Federal prosecutors are gearing up to indict a former NSA contractor whose alleged of stealing more than 50 terabytes of highly sensitive material, as early as this week. According to sources near the case, the stolen data includes more than 75 percent of hacking tools belonging to the NSA’s Tailored Access Operations (TAO) unit. TAO is an elite hacking unit that develops and deploys some of the most sophisticated exploits against foreign targets for espionage purposes.
Attorneys representing Harold T. Martin III have portrayed the former NSA contractor as a patriot who took sensitive NSA materials home to improve in his work. However, investigators who have tirelessly combed through Martin’s home in Maryland remain concerned that he may have passed the weaponized hacking tools to possible enemies. Martin’s theft only came to light after the NSA conducted an internal investigation after a group calling itself Shadow Brokers, mysteriously published a series of NSA-developed exploits online.
The investigation unearthed a crime spanning more than a year back, following a prior breach at the TAO when a longtime employee took tools without authorization. Agents have theorized that Martin could have provided the tools to the person or group responsible for the leak. The latter theory being that the Shadow Brokers specifically targeted Martin, stealing the information after gaining access to his system.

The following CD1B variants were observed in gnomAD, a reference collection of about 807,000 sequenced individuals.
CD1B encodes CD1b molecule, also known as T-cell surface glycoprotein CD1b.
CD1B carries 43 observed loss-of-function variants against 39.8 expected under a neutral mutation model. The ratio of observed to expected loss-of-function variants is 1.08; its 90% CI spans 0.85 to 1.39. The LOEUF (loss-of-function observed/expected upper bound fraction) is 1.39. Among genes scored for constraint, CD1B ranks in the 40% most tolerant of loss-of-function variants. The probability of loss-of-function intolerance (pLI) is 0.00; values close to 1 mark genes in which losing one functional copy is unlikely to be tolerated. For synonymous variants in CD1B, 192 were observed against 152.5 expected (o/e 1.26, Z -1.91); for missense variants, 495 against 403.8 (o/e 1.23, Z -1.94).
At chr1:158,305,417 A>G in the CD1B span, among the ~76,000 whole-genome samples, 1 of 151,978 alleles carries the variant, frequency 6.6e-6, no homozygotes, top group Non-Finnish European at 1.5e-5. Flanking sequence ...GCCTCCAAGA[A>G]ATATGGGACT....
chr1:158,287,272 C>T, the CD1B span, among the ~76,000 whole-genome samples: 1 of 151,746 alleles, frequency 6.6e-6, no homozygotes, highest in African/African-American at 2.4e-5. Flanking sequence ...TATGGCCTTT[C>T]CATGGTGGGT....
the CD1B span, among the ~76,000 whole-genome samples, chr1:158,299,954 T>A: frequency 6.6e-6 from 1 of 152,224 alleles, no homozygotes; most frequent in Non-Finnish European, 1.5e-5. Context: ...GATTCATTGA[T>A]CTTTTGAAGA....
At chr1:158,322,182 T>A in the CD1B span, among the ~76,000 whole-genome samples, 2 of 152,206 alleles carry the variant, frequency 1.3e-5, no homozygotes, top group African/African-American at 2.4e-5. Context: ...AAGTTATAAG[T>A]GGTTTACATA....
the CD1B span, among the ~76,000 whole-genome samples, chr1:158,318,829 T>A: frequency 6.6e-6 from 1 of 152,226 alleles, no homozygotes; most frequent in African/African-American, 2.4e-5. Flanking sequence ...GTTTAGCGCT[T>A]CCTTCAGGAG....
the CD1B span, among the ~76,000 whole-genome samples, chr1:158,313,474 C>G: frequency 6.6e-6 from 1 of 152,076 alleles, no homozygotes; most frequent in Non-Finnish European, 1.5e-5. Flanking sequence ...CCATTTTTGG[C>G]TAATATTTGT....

In a complaint unsealed in October, 52-year-old Martin was charged with felony theft of government property and unauthorized removal and retention of classified material. On Monday, the Washington Post reported that federal prosecutors will likely file charges against Martin for “violating the Espionage Act by ‘willfully’ retaining information that relates to the national defense, including classified data such as NSA hacking tools and operational plans against ‘a known enemy’ of the United States.”
Prosecutors said such charges, if run consecutively, could amount to a sentence as high as 30 years to life in prison.
An unnamed US official told the post that Martin allegedly hoarded more than 75 percent of the TAO’s library of hacking tools. It is hard to grasp that a single individual could have stolen that much classified material at one time.
When Shadow Brokers made their debut in October, the group published hundreds of classified TAO-developed exploits, including one that had exploited a critical vulnerability, for years, in a widely sold firewall made by Cisco Systems. Just last month, the operator or group behind Shadow Brokers said it was shutting down, dumping 61 Windows-formatted binary files alongside their departure.
If Martin took more than 75 percent of the TAO’s library, this would be a record-breaking breach of security. It remains unknown if Martin is somehow tied to Shadow Brokers, or was simply a compulsive hoarder working alone, however, the event underscores some vital security faults inside the NSA.